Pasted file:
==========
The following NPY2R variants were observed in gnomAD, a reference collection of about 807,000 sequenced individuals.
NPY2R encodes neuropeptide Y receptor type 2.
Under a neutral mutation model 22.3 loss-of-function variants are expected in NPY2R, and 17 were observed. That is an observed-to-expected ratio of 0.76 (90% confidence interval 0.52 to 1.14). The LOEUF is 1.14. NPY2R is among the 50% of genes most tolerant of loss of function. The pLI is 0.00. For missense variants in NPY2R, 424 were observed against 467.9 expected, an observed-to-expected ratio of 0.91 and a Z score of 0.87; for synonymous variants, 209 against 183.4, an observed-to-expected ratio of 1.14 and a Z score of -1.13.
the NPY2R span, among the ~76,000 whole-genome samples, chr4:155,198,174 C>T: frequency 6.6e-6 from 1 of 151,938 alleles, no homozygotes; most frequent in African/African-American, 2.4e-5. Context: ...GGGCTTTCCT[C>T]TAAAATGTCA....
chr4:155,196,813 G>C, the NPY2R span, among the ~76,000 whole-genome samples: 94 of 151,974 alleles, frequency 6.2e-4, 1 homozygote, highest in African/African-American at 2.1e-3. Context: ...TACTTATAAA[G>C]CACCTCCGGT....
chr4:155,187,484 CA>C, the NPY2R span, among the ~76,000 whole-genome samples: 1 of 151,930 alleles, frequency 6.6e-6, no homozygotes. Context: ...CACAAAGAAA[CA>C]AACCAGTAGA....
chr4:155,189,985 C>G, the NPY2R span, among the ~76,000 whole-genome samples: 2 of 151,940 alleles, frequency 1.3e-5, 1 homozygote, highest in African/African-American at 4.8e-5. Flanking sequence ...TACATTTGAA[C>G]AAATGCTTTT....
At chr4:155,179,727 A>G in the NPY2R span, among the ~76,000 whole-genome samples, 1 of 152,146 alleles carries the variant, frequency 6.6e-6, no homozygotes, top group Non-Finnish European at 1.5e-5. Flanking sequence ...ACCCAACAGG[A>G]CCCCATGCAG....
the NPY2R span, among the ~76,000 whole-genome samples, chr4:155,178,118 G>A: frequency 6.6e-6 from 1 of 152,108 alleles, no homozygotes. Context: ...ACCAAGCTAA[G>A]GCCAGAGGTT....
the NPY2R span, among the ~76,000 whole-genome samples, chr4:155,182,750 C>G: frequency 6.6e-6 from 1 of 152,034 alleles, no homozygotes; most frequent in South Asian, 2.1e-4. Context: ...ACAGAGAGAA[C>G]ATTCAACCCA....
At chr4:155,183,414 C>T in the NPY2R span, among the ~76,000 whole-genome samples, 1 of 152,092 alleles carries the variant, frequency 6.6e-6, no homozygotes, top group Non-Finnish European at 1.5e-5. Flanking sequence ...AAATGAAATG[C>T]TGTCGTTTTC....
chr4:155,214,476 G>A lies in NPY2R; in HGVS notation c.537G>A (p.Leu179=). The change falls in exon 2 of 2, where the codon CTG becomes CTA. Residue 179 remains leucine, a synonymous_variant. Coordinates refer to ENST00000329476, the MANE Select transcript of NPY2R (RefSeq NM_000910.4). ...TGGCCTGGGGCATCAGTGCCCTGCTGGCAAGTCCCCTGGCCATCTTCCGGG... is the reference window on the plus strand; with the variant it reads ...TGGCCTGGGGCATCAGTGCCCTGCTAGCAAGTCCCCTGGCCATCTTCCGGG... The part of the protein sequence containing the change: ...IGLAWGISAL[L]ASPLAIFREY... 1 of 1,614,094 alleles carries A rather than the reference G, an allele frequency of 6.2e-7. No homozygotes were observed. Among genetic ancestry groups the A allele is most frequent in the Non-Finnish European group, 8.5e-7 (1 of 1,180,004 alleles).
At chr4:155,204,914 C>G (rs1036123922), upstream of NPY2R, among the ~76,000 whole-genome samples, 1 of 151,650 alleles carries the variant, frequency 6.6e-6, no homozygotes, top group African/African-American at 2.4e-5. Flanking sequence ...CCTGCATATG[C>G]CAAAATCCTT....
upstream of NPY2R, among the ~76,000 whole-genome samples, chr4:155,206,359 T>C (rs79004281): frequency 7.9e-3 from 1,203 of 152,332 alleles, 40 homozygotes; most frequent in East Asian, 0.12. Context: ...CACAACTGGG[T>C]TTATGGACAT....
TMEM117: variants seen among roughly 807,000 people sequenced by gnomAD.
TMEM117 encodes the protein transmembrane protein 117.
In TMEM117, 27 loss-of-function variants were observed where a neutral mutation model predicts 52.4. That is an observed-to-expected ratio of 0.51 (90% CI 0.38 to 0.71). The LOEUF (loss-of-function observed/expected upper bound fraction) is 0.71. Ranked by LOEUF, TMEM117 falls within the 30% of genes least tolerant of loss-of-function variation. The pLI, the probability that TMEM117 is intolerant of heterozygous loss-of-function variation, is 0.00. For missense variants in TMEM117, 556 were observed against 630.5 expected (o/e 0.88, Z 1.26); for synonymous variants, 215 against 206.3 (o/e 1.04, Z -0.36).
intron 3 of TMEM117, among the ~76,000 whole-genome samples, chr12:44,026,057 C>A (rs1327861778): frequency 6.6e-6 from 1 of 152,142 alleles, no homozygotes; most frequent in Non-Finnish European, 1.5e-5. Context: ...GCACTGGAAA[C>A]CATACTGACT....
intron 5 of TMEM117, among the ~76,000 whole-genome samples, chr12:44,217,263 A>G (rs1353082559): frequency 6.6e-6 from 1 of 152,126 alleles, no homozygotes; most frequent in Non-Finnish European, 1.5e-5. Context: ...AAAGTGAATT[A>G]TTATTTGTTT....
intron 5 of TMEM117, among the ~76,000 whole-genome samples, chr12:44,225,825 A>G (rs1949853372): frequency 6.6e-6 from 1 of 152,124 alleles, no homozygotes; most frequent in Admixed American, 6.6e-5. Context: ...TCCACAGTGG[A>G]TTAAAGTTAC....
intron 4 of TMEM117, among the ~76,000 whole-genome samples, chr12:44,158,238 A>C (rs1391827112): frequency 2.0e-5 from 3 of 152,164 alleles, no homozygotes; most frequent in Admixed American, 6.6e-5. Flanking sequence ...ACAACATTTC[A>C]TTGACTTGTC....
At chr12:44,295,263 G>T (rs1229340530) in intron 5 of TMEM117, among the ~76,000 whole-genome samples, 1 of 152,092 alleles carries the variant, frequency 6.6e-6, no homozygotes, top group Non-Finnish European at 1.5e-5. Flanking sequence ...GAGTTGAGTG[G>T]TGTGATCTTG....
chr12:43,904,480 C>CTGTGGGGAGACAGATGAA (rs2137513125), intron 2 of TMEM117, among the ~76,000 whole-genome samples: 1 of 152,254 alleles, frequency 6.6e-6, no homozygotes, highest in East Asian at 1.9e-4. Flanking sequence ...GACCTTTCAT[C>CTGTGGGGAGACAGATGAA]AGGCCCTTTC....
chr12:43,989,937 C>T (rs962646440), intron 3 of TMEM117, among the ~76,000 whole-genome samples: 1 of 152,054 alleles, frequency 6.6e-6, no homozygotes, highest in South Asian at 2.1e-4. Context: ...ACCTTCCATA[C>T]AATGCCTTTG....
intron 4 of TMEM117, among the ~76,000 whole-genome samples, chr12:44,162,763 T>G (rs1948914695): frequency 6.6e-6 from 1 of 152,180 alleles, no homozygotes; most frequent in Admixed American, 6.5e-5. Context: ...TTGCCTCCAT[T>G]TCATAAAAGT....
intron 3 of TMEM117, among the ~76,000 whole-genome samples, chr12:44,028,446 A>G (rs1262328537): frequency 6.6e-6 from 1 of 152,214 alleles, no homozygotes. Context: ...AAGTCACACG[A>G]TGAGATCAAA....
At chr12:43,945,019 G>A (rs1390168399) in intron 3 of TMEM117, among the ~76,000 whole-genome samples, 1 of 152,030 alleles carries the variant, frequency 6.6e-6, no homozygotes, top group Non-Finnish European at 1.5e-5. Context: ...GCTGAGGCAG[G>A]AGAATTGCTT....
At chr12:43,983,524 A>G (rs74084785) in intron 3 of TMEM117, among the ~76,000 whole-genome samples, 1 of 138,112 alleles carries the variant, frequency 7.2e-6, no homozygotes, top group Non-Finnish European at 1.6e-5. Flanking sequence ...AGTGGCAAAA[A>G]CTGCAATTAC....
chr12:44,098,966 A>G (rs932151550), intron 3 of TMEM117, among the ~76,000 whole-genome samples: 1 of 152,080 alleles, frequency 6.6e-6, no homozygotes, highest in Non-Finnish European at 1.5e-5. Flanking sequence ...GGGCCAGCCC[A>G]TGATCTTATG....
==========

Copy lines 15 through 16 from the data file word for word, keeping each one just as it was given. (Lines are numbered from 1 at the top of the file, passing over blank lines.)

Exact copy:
TMEM117: variants seen among roughly 807,000 people sequenced by gnomAD.
TMEM117 encodes the protein transmembrane protein 117.